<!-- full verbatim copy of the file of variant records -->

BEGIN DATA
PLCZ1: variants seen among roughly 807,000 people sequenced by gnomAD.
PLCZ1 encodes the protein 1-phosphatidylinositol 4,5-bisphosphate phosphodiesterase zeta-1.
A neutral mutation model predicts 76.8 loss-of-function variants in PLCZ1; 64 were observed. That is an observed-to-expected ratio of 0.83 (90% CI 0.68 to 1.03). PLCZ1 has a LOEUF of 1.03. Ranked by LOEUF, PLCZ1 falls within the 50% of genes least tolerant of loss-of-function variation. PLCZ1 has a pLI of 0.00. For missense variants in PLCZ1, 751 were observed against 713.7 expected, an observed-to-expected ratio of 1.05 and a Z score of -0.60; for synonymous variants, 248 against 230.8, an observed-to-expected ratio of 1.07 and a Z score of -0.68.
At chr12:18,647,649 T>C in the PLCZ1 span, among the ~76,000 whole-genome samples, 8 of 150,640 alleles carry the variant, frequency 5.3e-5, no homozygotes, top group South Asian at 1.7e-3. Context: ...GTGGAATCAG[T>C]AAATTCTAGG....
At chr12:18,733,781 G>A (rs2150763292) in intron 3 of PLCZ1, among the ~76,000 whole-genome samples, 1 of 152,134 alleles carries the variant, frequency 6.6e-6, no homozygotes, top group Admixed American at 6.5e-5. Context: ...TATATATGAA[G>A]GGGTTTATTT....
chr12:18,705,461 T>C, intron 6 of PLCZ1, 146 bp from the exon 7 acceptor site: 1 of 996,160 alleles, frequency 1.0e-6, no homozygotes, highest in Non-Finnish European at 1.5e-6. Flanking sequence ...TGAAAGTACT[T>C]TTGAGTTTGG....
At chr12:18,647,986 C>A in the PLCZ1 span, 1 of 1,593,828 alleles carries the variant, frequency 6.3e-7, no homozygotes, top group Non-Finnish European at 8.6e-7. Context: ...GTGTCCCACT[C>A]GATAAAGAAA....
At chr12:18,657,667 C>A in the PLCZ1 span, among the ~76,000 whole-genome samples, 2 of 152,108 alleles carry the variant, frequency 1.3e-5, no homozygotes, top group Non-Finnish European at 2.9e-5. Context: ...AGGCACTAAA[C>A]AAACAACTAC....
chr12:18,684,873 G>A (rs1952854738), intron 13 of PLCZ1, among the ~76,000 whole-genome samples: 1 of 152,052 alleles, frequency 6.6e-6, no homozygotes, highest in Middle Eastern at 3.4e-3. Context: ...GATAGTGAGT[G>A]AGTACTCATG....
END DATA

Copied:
PLCZ1: variants seen among roughly 807,000 people sequenced by gnomAD.
PLCZ1 encodes the protein 1-phosphatidylinositol 4,5-bisphosphate phosphodiesterase zeta-1.
A neutral mutation model predicts 76.8 loss-of-function variants in PLCZ1; 64 were observed. That is an observed-to-expected ratio of 0.83 (90% CI 0.68 to 1.03). PLCZ1 has a LOEUF of 1.03. Ranked by LOEUF, PLCZ1 falls within the 50% of genes least tolerant of loss-of-function variation. PLCZ1 has a pLI of 0.00. For missense variants in PLCZ1, 751 were observed against 713.7 expected, an observed-to-expected ratio of 1.05 and a Z score of -0.60; for synonymous variants, 248 against 230.8, an observed-to-expected ratio of 1.07 and a Z score of -0.68.
At chr12:18,647,649 T>C in the PLCZ1 span, among the ~76,000 whole-genome samples, 8 of 150,640 alleles carry the variant, frequency 5.3e-5, no homozygotes, top group South Asian at 1.7e-3. Context: ...GTGGAATCAG[T>C]AAATTCTAGG....
At chr12:18,733,781 G>A (rs2150763292) in intron 3 of PLCZ1, among the ~76,000 whole-genome samples, 1 of 152,134 alleles carries the variant, frequency 6.6e-6, no homozygotes, top group Admixed American at 6.5e-5. Context: ...TATATATGAA[G>A]GGGTTTATTT....
chr12:18,705,461 T>C, intron 6 of PLCZ1, 146 bp from the exon 7 acceptor site: 1 of 996,160 alleles, frequency 1.0e-6, no homozygotes, highest in Non-Finnish European at 1.5e-6. Flanking sequence ...TGAAAGTACT[T>C]TTGAGTTTGG....
At chr12:18,647,986 C>A in the PLCZ1 span, 1 of 1,593,828 alleles carries the variant, frequency 6.3e-7, no homozygotes, top group Non-Finnish European at 8.6e-7. Context: ...GTGTCCCACT[C>A]GATAAAGAAA....
At chr12:18,657,667 C>A in the PLCZ1 span, among the ~76,000 whole-genome samples, 2 of 152,108 alleles carry the variant, frequency 1.3e-5, no homozygotes, top group Non-Finnish European at 2.9e-5. Context: ...AGGCACTAAA[C>A]AAACAACTAC....
chr12:18,684,873 G>A (rs1952854738), intron 13 of PLCZ1, among the ~76,000 whole-genome samples: 1 of 152,052 alleles, frequency 6.6e-6, no homozygotes, highest in Middle Eastern at 3.4e-3. Context: ...GATAGTGAGT[G>A]AGTACTCATG....